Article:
Lehigh University
The Vault at PfaffsAn Archive of Art and Literature by the Bohemians of Antebellum New York
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Text for Page 174 [08-21-1860]

              161
	    His Personal Appearance.
To-bed thoroughly tired out.
  I have often intended devoting a page or two
to Bellew, involving a brief sum-up of what I 
know of him, and here�s to do it.          First, he
is a handsome fellow, six feet high, I should
suppose, and powerfully built � a Sail among
artists.    Ten years ago his figure was rather
elegant, in spite of his large feet and hands, 
which he has caricatured time and again; now
he looks a manly, gentlemanly fellow, with a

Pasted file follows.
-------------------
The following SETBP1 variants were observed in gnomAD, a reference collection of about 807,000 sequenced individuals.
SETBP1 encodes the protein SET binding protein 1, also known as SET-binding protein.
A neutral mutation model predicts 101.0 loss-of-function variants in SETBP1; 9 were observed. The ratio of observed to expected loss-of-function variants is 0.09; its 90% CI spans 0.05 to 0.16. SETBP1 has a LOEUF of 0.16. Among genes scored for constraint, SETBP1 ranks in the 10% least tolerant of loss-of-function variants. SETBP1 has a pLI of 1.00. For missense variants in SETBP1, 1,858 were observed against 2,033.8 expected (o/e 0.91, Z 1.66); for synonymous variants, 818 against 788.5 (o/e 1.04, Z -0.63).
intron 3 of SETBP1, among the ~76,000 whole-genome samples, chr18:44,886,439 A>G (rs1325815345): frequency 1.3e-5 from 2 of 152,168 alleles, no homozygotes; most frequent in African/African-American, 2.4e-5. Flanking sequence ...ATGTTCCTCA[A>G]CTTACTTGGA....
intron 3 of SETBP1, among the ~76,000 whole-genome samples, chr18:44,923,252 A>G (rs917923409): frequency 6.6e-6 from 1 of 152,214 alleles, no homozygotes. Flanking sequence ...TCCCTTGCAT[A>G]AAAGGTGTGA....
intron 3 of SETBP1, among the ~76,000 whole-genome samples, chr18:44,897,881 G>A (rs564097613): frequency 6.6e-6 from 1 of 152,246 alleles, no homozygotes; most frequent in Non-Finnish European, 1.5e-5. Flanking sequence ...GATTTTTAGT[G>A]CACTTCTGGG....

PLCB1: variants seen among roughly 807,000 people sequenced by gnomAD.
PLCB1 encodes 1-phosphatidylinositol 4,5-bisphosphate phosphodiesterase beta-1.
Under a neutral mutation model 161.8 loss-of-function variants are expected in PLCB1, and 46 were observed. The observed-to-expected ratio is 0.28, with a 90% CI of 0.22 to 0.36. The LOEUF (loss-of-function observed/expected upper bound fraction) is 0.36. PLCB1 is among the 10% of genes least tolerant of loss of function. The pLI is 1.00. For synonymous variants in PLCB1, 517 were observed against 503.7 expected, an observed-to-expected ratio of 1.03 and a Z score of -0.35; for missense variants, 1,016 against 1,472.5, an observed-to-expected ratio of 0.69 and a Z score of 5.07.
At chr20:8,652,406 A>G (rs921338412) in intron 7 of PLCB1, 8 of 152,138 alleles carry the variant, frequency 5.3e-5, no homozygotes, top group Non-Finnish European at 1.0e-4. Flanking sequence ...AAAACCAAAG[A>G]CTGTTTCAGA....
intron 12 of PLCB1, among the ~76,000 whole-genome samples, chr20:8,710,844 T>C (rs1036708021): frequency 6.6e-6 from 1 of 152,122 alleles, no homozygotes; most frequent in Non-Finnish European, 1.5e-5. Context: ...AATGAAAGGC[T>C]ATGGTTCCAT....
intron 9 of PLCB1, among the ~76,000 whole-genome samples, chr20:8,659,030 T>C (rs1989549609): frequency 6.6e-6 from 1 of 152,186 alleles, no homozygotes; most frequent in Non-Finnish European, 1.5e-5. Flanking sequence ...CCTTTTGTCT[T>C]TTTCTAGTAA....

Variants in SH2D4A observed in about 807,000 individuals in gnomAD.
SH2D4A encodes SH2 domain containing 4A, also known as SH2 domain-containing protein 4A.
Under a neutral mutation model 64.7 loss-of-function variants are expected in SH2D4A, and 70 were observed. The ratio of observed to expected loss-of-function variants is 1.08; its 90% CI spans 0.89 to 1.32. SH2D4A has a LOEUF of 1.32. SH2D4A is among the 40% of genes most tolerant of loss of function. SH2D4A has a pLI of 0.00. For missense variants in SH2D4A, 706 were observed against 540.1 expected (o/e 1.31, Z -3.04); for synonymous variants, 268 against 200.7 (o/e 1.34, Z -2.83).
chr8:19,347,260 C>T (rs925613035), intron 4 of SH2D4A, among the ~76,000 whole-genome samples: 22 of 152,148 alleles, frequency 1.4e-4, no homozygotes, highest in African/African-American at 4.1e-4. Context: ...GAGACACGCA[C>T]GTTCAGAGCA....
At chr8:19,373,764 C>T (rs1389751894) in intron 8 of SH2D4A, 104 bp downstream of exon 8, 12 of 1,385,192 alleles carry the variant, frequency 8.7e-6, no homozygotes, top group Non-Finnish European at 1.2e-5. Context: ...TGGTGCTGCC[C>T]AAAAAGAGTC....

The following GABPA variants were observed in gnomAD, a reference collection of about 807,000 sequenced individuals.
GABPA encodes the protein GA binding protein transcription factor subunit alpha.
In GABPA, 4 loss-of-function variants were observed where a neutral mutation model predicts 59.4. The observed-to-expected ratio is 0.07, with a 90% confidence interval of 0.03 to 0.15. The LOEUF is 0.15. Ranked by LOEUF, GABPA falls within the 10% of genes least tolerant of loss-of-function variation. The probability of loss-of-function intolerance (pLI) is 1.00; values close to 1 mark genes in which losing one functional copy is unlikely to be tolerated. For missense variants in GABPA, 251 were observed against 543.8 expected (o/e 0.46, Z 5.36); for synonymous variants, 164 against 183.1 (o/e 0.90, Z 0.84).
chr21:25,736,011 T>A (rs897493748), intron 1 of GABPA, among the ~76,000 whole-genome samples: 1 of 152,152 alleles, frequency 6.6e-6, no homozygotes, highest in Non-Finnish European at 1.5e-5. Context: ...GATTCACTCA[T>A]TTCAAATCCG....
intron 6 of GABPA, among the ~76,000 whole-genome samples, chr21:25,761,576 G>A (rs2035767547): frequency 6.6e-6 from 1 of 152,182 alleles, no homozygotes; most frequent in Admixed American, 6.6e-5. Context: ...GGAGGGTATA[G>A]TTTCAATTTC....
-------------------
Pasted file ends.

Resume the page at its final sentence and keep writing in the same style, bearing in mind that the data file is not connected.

good deal of latent pugilistic ability in him,
as is the case.      He has but little whisker and
his hair has grown thinnish at the top of his head;
his aspect is ordinarily serious, his nostril pecu-
liar, rising obliquely and larger than common.
He dresses, in general, very plainly and is apt
to be careless with respect to his boots; I never
knew him to indulge in the dandyism of patent
leathers or to appear in any brightly-polished
pedal encasements.   He is reserved in manner,
so much so that to a sanguine person, like my-
self, it sometimes operates as a check.  At the
outset and for some years, I detested him
heartily and he returned the compliment.  In
demeanor I never knew a truer gentleman or
indeed any one who would bear comparison
with him.     There�s a spice of aristocracy and               
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